It was a near-perfect opening day for Russia as its hosting of the World Cup kicked off Thursday.A 5-0 victory over Saudi Arabia, thousands of fans filling the squares of Moscow in the evening sunshine,and all of it broadcast to hundreds of millions watching around the globe.
“For Putin himself, this World Cup is extremely important with precisely an aim of demonstrating his so-called “second face”, a friendly, open face that theoretically could have contributed to the change of Russia’s image as well as his own if it had not been for previous events.”
Events that have made Russia the pariah of the West, the annexation of Crimea and invasion of Ukraine in 2014, the destruction of Malaysia Airlines flight MH17, which investigators say was shot down by a Russian missile,the intervention in Syria to support President Bashar al-Assad and the poisoning of double agent Sergei Skripal and his daughter on British soil which London blames squarely on the Kremlin.
“Well, it lost the soft power gains Russia got from the 2014 Winter Olympics in Sochi and how quickly it gave them away when it started the annexation of Crimea before their closing ceremony had even begun.So there’s something else at play it for Russia and which is that it will use the World Cup as an example of its reemerging as a great power and Western countries by participating in the World Cup are in a sense enabling President Putin to portray the competition in those terms.”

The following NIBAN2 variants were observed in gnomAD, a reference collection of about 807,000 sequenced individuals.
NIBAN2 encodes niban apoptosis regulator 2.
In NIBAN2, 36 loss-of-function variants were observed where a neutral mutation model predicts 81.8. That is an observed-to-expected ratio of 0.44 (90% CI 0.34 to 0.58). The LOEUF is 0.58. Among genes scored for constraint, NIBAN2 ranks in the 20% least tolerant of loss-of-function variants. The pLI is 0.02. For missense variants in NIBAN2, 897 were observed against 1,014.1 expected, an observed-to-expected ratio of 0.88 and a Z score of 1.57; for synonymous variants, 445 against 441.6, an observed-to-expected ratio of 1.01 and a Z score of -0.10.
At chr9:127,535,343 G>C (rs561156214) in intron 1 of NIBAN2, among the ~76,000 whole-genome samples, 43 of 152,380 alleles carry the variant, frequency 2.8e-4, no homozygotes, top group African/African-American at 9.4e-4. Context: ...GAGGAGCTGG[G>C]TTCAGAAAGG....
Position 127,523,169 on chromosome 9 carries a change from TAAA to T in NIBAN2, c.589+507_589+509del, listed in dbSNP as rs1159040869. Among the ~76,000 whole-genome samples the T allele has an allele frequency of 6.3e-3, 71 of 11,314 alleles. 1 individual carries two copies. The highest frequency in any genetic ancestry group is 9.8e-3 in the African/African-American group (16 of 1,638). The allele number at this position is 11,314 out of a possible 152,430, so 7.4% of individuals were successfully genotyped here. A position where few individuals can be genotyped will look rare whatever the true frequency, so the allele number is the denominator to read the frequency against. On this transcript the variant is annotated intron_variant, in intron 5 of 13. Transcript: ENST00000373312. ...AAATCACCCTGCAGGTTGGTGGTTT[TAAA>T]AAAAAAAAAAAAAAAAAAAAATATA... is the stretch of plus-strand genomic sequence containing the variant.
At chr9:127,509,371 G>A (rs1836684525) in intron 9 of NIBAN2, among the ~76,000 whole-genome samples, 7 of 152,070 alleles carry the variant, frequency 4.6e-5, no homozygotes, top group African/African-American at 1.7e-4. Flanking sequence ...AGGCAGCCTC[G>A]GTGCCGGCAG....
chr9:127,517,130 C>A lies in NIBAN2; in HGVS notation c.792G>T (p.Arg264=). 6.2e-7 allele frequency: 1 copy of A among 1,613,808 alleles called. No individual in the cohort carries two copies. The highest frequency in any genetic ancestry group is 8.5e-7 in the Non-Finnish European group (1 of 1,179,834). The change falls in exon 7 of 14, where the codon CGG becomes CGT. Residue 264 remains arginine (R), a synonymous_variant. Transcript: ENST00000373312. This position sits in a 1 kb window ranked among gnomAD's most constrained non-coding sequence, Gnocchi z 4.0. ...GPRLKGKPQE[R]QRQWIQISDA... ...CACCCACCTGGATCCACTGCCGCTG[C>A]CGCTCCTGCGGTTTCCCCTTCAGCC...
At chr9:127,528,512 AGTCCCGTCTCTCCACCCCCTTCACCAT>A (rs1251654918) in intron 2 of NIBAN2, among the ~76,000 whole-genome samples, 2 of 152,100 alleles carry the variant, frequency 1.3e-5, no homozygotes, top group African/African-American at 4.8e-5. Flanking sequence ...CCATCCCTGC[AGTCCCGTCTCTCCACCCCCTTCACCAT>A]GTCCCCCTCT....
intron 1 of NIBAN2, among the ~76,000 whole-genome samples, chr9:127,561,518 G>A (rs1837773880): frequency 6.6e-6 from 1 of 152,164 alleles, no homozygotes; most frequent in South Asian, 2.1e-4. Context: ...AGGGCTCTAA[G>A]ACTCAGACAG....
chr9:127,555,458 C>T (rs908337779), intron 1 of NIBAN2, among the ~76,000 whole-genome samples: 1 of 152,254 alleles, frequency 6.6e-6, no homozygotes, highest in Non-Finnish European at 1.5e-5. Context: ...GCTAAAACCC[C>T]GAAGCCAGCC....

A successful World Cup is key to the Kremlin’s plans.For the fans, geopolitics comes a distant second to the football and the partying.But for Western countries taking part, that presents a problem:Will the World Cup be used to whitewash Russia’s record on the global stage?
Analysts say it will take more than a football tournament to end Russia’s isolation. “Unfortunately, there would be a huge amount of work to do to dismantle what has already been done.Russia is unable to unfreeze the Donbas conflict in its present political situation. Russia will by no means give Crimea back to Ukraine, that is too late.Russia is not ready to express its political will to have serious talks with the West.”
Alongside the soft power games of the World Cup and the Sochi Olympics,Putin has maintained his popularity through military campaigns in Ukraine and Syria, says analyst Foxall.
“The question that it begs of course is where next or what next in order to enable Putin to maintain those remarkably high approval ratings that he currently enjoys.”
That question will remain long after the fans have returned home, after the World Cup final in one month’s time.
Henry Ridgwell, for VOA News, Moscow.